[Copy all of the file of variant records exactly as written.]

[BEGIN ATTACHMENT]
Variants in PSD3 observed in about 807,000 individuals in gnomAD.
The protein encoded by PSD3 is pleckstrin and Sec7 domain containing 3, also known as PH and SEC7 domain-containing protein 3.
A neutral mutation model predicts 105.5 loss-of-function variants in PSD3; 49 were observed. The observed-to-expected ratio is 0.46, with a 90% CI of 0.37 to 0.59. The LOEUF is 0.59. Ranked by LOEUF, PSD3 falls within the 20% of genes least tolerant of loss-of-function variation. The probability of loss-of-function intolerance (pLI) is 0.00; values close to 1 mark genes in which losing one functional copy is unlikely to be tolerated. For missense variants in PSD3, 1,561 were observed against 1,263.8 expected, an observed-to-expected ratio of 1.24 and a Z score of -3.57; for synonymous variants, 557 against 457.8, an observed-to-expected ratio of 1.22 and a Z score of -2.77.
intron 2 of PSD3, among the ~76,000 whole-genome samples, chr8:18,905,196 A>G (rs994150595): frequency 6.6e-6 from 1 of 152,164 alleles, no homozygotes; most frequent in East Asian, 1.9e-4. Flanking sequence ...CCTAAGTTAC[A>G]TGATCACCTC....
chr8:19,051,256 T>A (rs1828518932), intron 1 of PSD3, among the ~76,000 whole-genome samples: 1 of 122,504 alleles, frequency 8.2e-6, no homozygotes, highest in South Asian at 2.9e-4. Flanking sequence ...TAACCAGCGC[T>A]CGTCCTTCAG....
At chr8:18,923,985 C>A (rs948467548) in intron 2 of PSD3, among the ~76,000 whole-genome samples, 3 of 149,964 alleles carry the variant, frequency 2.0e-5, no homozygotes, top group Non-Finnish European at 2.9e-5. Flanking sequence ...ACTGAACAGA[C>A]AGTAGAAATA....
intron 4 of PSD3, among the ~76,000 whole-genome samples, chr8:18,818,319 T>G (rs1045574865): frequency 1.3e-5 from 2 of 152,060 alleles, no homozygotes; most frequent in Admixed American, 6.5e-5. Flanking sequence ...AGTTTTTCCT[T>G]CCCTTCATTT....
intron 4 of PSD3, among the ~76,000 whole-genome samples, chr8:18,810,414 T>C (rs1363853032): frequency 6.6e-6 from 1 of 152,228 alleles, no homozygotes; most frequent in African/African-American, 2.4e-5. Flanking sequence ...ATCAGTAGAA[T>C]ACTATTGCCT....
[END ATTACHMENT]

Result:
Variants in PSD3 observed in about 807,000 individuals in gnomAD.
The protein encoded by PSD3 is pleckstrin and Sec7 domain containing 3, also known as PH and SEC7 domain-containing protein 3.
A neutral mutation model predicts 105.5 loss-of-function variants in PSD3; 49 were observed. The observed-to-expected ratio is 0.46, with a 90% CI of 0.37 to 0.59. The LOEUF is 0.59. Ranked by LOEUF, PSD3 falls within the 20% of genes least tolerant of loss-of-function variation. The probability of loss-of-function intolerance (pLI) is 0.00; values close to 1 mark genes in which losing one functional copy is unlikely to be tolerated. For missense variants in PSD3, 1,561 were observed against 1,263.8 expected, an observed-to-expected ratio of 1.24 and a Z score of -3.57; for synonymous variants, 557 against 457.8, an observed-to-expected ratio of 1.22 and a Z score of -2.77.
intron 2 of PSD3, among the ~76,000 whole-genome samples, chr8:18,905,196 A>G (rs994150595): frequency 6.6e-6 from 1 of 152,164 alleles, no homozygotes; most frequent in East Asian, 1.9e-4. Flanking sequence ...CCTAAGTTAC[A>G]TGATCACCTC....
chr8:19,051,256 T>A (rs1828518932), intron 1 of PSD3, among the ~76,000 whole-genome samples: 1 of 122,504 alleles, frequency 8.2e-6, no homozygotes, highest in South Asian at 2.9e-4. Flanking sequence ...TAACCAGCGC[T>A]CGTCCTTCAG....
At chr8:18,923,985 C>A (rs948467548) in intron 2 of PSD3, among the ~76,000 whole-genome samples, 3 of 149,964 alleles carry the variant, frequency 2.0e-5, no homozygotes, top group Non-Finnish European at 2.9e-5. Flanking sequence ...ACTGAACAGA[C>A]AGTAGAAATA....
intron 4 of PSD3, among the ~76,000 whole-genome samples, chr8:18,818,319 T>G (rs1045574865): frequency 1.3e-5 from 2 of 152,060 alleles, no homozygotes; most frequent in Admixed American, 6.5e-5. Flanking sequence ...AGTTTTTCCT[T>G]CCCTTCATTT....
intron 4 of PSD3, among the ~76,000 whole-genome samples, chr8:18,810,414 T>C (rs1363853032): frequency 6.6e-6 from 1 of 152,228 alleles, no homozygotes; most frequent in African/African-American, 2.4e-5. Flanking sequence ...ATCAGTAGAA[T>C]ACTATTGCCT....